Wissahickon Environmental Center

Take a hike through history!

For more information on programming and to visit the Wissahickon Environmental Center please visit their Facebook page here or their program registration page here. You can best contact the PPR staff at the Wissahickon Environmental Center via email at wec@phila.gov  and phone at 215-685-9285. 

Imagine yourself feeling welcomed in a relaxing, natural area where the paths are obviously frequented.  A pleasurable escape for all passersby or bench sitters who enjoy the inviting atmosphere created by birds, wildflowers and quiet, itself.  This experience begins and ends for all (horses, leashed dogs and people of all ages) at the Wissahickon Environmental Center/Tree House.

The Wissahickon Environmental Center (WEC) was originally part of the Andorra Nursery. Read more about this on the Trails to the Past section on the Andorra Natural Area.

Soon after Andorra Nursery was established, employee and foreman Adolph Steinle, a German pioneer, became the Nursery’s “propagator” of trees and shrubs.  In 1890 he added a porch to the house, constructing it around a nearby sycamore tree, letting the tree grow through the porch’s roof, adjusting the hole every few years to the growth of the tree.  This unusual practice got the attention of many and his residence became known as the Tree House—an identity it still holds.

After Steinle, there were two other resident employees in the house:  The Cressman, then Lightcap families.  From 1940 through 1977, the last residents were the James Lupica, Sr., family.  Mr. Lupica was a master gardener for the Andorra Nursery until it closed in 1961.  He stayed on as a tenant of the Houston Estate until 1977 when the Fairmount Park Commission established the Andorra Natural Area for educational purposes.

In 1981, when the sycamore tree growing though the Tree House’s porch roof became 230 years old, it was cut down by Fairmount Park due to possible liability issues.  The next year the Wissahickon Environmental Visitor Center began.  It preserved a large slice of the sycamore tree, which is on display today.  The first director of the Wissahickon Visitor/Environmental Center was Sioux Baldwin, who served in that capacity from 1980-2000.

In 2018 the Tree House, now called the Wissahickon Environmental Center (WEC), had its back porch modernized (the same porch the sycamore tree grew through), sporting colorful artistic railings and balusters and a “green” porch roof.  It still has the original interior of a 130-year-old building.  A pictorial history of the building is on display inside.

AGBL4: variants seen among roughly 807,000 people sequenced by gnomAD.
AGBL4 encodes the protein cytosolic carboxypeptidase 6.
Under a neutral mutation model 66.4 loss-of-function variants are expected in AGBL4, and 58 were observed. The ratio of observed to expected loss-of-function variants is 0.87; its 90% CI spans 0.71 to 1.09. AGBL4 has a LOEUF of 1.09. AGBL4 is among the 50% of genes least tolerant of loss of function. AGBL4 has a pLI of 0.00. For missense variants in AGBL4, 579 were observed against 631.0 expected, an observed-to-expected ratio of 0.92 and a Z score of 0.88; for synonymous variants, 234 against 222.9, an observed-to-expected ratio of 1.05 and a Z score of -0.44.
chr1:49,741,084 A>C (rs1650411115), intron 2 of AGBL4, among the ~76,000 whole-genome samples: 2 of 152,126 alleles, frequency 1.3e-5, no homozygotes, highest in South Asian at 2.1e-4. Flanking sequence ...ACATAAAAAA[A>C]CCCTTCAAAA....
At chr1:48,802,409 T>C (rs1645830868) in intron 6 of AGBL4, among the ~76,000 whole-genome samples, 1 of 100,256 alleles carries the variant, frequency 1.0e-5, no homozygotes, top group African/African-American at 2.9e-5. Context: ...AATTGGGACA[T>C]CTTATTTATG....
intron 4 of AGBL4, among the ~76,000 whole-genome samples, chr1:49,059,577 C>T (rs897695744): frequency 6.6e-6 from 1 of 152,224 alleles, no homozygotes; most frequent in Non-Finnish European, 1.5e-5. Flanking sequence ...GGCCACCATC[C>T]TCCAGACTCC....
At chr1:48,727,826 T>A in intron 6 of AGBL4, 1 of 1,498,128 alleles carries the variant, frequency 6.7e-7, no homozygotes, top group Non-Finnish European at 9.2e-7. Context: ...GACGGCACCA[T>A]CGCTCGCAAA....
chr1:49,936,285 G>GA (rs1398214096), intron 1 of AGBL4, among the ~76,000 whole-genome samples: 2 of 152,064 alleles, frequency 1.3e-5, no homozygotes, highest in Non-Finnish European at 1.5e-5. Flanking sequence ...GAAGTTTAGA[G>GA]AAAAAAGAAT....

The WEC is well-known for its regular environmental education walks and classes for both children and adults, staffed by wonderful Environmental Educators through Philadelphia Parks and Recreation.

Written by James T. Charnock, FOW Trail Ambassador


  • Research by Thomas Keels, archivist, from From Private Estate to Public Preserve, September, 2000. Keel is a former chairperson of the Board of Directors of Chestnut Hill Historical Society/Conservancy.
  • First recorded resident of the 1750 House in 1979 (the year the house burned down): Cantrabone, tenant (Fairmount Park Archives, File 131N15—9).
  • Interview with Patricia Fries, Director of the WEC.
  • Source of some residents: 1930 and 1940 U.S. Census records.
  • Interview with James Lupica, Jr., former resident of the 1750 House and the Tree House, whose father worked for the Andorra Nursery.
  • David Contosta and Carol Franklin, Metropolitan Paradise, St Joseph’s University Press 2010

Check out this Google Map to explore this and other unique historical points of interest, and become acquainted with the many trailheads in Wissahickon Valley Park!

Explore more Wissahickon-related historic points of interest, stories, art, videos, games, and much more on our Virtual Valley!

You probably don’t need us to tell you how special Wissahickon Valley Park is. It’s 1800 acres provides habitat to wildlife, refuge & recreation to over a million visitors per year, and protects the drinking water for one third of Philadelphians. The park can’t take care of itself, however. It needs responsible park users and stewards to keep this special place clean and sustainable for generations to come.